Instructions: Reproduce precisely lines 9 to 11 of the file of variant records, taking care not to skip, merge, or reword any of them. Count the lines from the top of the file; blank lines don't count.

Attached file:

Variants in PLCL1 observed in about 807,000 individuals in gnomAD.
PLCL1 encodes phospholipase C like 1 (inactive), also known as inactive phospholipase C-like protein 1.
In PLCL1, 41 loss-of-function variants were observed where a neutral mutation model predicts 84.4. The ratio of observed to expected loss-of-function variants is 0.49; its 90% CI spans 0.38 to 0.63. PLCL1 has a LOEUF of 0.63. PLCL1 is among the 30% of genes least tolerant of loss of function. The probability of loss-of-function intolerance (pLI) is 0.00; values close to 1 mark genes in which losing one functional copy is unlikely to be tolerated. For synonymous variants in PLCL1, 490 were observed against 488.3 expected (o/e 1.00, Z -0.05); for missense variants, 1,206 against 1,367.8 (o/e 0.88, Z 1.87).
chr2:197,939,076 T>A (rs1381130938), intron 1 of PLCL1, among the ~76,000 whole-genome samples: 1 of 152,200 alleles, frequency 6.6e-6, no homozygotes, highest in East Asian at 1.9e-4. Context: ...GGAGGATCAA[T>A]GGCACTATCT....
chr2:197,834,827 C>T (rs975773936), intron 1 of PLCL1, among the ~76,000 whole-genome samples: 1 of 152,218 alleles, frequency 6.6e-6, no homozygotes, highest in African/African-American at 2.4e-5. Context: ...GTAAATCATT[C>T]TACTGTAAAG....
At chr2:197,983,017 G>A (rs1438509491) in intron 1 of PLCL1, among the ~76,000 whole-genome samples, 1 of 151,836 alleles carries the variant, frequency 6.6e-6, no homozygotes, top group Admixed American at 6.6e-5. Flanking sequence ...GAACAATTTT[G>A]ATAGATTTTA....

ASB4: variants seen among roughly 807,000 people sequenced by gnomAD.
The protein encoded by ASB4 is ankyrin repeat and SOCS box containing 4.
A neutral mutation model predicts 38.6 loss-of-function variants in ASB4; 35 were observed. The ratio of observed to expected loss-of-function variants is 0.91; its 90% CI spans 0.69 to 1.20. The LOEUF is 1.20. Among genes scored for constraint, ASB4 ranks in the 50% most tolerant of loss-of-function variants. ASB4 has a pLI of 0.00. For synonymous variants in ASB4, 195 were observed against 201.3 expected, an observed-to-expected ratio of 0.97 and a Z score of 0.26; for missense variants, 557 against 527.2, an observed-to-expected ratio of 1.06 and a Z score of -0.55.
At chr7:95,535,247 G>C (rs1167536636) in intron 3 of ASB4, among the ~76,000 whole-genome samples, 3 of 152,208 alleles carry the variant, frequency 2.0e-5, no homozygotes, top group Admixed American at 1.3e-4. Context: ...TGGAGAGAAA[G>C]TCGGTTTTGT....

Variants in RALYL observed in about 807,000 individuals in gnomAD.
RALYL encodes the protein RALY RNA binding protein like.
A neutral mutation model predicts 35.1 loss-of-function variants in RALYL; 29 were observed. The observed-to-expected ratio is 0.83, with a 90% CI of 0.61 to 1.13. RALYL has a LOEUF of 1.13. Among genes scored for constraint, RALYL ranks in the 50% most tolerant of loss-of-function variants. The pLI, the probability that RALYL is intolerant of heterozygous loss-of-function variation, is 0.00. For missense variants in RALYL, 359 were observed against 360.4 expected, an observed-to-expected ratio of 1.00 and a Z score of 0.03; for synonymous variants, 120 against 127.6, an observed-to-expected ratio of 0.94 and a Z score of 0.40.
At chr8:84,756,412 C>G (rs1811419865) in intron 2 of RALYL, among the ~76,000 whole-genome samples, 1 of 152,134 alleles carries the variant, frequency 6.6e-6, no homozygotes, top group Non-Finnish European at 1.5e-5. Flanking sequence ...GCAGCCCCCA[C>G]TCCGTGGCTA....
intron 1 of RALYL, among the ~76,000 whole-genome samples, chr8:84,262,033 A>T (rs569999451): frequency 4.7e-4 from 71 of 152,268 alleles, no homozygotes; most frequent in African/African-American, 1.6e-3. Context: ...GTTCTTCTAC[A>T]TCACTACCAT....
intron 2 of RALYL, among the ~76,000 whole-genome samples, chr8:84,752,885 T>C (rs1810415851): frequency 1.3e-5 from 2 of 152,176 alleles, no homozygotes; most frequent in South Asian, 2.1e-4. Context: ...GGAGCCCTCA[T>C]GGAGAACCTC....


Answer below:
A neutral mutation model predicts 38.6 loss-of-function variants in ASB4; 35 were observed. The ratio of observed to expected loss-of-function variants is 0.91; its 90% CI spans 0.69 to 1.20. The LOEUF is 1.20. Among genes scored for constraint, ASB4 ranks in the 50% most tolerant of loss-of-function variants. ASB4 has a pLI of 0.00. For synonymous variants in ASB4, 195 were observed against 201.3 expected, an observed-to-expected ratio of 0.97 and a Z score of 0.26; for missense variants, 557 against 527.2, an observed-to-expected ratio of 1.06 and a Z score of -0.55.
At chr7:95,535,247 G>C (rs1167536636) in intron 3 of ASB4, among the ~76,000 whole-genome samples, 3 of 152,208 alleles carry the variant, frequency 2.0e-5, no homozygotes, top group Admixed American at 1.3e-4. Context: ...TGGAGAGAAA[G>C]TCGGTTTTGT....

Variants in RALYL observed in about 807,000 individuals in gnomAD.